Doctors can kill--active euthanasia in South Africa

Med Law. 2003;22(3):551-60.


Medical practitioners in South Africa will be given the legal right to end the lives of terminally ill patients. This is the practice of active euthanasia, the procedure whereby a medical doctor or a professional nurse can end the life of a terminally ill patient at the patient's request, by providing or administering a lethal dosage of a drug. Voluntary active euthanasia is included in a Draft Bill--The End of Life Decisions Act--which form part of a report of the South African Law Commission, wherein regulations regarding the end-of-life decisions are formulated. Specifically, it provides that a medical practitioner may under certain conditions stop the treatment of a patient whose life functions are being maintained artificially. Further, that a competent person may refuse life-sustaining treatment if he chooses to die. A medical practitioner may also give effect to a patient's living will in which the patient has requested the cessation of treatment. The Act also provides for the options of active voluntary euthanasia or physician-assisted suicide.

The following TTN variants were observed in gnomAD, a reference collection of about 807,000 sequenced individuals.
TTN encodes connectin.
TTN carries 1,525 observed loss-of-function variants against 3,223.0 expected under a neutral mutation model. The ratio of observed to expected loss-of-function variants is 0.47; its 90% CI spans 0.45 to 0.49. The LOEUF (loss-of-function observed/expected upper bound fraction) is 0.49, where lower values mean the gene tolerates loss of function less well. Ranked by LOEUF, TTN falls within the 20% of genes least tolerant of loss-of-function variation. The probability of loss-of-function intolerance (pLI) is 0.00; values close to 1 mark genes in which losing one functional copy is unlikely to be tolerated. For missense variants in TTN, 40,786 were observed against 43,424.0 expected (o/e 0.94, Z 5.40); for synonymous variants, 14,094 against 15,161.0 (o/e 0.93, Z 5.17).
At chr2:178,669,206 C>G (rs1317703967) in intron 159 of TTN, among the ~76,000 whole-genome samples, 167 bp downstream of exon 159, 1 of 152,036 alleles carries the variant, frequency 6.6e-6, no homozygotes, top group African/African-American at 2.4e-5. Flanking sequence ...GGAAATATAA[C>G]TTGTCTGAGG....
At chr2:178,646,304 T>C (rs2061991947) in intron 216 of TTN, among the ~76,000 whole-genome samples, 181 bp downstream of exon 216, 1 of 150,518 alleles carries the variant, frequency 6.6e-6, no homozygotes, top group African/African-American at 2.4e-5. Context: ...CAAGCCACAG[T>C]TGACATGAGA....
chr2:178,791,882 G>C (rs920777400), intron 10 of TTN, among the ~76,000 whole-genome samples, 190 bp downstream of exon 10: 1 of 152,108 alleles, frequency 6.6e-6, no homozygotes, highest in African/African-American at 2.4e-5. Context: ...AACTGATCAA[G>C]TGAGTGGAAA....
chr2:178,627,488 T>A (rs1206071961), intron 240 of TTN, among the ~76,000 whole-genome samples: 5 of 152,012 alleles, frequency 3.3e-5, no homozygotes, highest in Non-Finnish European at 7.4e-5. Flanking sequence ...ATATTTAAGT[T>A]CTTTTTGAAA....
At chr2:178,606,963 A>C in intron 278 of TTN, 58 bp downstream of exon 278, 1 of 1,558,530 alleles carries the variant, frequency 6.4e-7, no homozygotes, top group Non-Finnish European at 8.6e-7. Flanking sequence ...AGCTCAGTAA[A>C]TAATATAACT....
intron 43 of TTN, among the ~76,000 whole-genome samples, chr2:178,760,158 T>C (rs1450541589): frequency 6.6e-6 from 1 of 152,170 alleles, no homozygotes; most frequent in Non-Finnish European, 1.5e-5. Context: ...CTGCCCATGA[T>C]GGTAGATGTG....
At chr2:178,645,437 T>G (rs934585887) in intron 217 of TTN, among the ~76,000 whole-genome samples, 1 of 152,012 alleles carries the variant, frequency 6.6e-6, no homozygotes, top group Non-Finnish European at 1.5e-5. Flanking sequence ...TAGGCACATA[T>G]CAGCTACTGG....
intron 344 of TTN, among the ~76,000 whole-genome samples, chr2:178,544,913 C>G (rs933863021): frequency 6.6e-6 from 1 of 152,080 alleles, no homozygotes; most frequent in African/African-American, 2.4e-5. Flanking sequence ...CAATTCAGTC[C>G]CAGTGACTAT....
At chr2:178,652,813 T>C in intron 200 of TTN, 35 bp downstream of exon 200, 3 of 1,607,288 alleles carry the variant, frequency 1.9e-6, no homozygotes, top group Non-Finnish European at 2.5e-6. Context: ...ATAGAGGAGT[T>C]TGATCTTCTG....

MeSH terms

  • Decision Making
  • Euthanasia, Active / legislation & jurisprudence*
  • Humans
  • Living Wills / legislation & jurisprudence
  • Nurses / legislation & jurisprudence
  • Personal Autonomy
  • Physicians / legislation & jurisprudence*
  • Right to Die / legislation & jurisprudence*
  • South Africa
  • Suicide, Assisted / legislation & jurisprudence
  • Terminally Ill / legislation & jurisprudence
  • Withholding Treatment